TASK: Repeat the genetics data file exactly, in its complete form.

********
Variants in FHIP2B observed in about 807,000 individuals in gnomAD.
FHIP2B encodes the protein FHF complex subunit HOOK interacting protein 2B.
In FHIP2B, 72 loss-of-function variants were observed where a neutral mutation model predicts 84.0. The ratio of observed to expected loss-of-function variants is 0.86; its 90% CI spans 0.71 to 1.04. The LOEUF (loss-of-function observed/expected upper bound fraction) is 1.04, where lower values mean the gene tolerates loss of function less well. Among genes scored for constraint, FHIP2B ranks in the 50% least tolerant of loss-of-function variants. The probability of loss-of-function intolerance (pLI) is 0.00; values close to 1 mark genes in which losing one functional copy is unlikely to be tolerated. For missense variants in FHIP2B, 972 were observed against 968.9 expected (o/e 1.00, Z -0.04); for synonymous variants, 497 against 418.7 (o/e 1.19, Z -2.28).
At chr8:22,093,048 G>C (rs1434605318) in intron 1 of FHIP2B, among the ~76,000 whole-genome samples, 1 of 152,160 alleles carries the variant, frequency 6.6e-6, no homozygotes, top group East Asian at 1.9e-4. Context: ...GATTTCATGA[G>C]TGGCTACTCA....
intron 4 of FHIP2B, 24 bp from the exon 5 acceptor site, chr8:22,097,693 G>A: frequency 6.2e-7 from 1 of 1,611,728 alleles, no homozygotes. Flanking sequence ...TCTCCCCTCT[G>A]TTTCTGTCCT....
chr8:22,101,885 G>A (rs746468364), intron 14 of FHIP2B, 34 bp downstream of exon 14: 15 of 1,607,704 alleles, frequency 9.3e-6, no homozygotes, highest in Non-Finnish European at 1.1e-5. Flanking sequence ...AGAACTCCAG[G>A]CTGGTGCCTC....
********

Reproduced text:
Variants in FHIP2B observed in about 807,000 individuals in gnomAD.
FHIP2B encodes the protein FHF complex subunit HOOK interacting protein 2B.
In FHIP2B, 72 loss-of-function variants were observed where a neutral mutation model predicts 84.0. The ratio of observed to expected loss-of-function variants is 0.86; its 90% CI spans 0.71 to 1.04. The LOEUF (loss-of-function observed/expected upper bound fraction) is 1.04, where lower values mean the gene tolerates loss of function less well. Among genes scored for constraint, FHIP2B ranks in the 50% least tolerant of loss-of-function variants. The probability of loss-of-function intolerance (pLI) is 0.00; values close to 1 mark genes in which losing one functional copy is unlikely to be tolerated. For missense variants in FHIP2B, 972 were observed against 968.9 expected (o/e 1.00, Z -0.04); for synonymous variants, 497 against 418.7 (o/e 1.19, Z -2.28).
At chr8:22,093,048 G>C (rs1434605318) in intron 1 of FHIP2B, among the ~76,000 whole-genome samples, 1 of 152,160 alleles carries the variant, frequency 6.6e-6, no homozygotes, top group East Asian at 1.9e-4. Context: ...GATTTCATGA[G>C]TGGCTACTCA....
intron 4 of FHIP2B, 24 bp from the exon 5 acceptor site, chr8:22,097,693 G>A: frequency 6.2e-7 from 1 of 1,611,728 alleles, no homozygotes. Flanking sequence ...TCTCCCCTCT[G>A]TTTCTGTCCT....
chr8:22,101,885 G>A (rs746468364), intron 14 of FHIP2B, 34 bp downstream of exon 14: 15 of 1,607,704 alleles, frequency 9.3e-6, no homozygotes, highest in Non-Finnish European at 1.1e-5. Flanking sequence ...AGAACTCCAG[G>A]CTGGTGCCTC....